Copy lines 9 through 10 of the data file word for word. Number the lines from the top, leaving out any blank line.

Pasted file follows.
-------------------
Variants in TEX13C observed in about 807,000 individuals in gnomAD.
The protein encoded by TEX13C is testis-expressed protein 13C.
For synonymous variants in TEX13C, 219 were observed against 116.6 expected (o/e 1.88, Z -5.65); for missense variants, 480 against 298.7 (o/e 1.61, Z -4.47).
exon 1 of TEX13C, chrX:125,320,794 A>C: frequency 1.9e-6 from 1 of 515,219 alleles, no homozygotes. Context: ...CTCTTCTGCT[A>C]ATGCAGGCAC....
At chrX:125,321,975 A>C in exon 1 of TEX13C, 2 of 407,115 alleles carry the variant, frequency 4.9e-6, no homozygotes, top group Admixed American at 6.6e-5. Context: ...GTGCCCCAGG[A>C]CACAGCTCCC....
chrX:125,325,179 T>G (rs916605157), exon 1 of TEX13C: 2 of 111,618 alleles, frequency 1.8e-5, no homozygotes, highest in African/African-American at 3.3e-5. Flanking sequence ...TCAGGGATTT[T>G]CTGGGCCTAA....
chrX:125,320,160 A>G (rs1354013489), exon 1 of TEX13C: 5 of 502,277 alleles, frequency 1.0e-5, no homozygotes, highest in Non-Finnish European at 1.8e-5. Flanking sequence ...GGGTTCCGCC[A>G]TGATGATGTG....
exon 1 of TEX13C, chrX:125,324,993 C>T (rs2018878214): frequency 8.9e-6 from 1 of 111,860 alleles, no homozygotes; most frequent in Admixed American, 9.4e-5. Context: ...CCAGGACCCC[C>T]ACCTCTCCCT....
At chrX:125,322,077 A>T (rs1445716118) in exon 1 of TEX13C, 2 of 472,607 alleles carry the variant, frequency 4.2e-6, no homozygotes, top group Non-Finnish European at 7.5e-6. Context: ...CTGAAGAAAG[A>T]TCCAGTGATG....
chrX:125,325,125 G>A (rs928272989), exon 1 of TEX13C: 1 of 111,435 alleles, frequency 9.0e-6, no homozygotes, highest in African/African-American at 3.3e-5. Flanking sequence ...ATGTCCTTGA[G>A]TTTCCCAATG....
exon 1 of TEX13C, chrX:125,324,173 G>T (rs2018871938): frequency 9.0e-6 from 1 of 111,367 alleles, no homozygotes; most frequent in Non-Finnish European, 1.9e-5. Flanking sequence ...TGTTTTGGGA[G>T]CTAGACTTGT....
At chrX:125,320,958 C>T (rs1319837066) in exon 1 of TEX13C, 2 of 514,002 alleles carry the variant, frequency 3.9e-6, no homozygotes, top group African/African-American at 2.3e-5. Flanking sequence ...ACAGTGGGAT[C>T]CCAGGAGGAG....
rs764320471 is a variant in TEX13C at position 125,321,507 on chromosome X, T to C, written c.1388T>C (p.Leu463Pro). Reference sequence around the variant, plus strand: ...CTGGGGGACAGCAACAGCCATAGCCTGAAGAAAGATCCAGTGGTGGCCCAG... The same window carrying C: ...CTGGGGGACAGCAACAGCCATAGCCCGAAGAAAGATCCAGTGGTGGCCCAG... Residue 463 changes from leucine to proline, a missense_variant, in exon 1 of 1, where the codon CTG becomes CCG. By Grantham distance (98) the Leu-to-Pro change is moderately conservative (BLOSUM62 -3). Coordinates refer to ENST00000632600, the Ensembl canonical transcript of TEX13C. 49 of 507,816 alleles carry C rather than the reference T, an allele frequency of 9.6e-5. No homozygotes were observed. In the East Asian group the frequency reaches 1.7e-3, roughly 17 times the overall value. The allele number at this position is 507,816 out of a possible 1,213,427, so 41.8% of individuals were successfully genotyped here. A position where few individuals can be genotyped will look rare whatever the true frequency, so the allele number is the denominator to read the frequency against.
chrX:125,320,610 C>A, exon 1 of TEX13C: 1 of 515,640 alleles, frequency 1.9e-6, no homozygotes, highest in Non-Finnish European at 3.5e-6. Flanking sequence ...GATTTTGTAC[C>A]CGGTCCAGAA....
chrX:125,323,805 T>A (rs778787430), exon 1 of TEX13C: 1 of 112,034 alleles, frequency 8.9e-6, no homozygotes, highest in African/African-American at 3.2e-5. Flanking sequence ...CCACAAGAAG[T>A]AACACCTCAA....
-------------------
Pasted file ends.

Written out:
At chrX:125,322,077 A>T (rs1445716118) in exon 1 of TEX13C, 2 of 472,607 alleles carry the variant, frequency 4.2e-6, no homozygotes, top group Non-Finnish European at 7.5e-6. Context: ...CTGAAGAAAG[A>T]TCCAGTGATG....
chrX:125,325,125 G>A (rs928272989), exon 1 of TEX13C: 1 of 111,435 alleles, frequency 9.0e-6, no homozygotes, highest in African/African-American at 3.3e-5. Flanking sequence ...ATGTCCTTGA[G>A]TTTCCCAATG....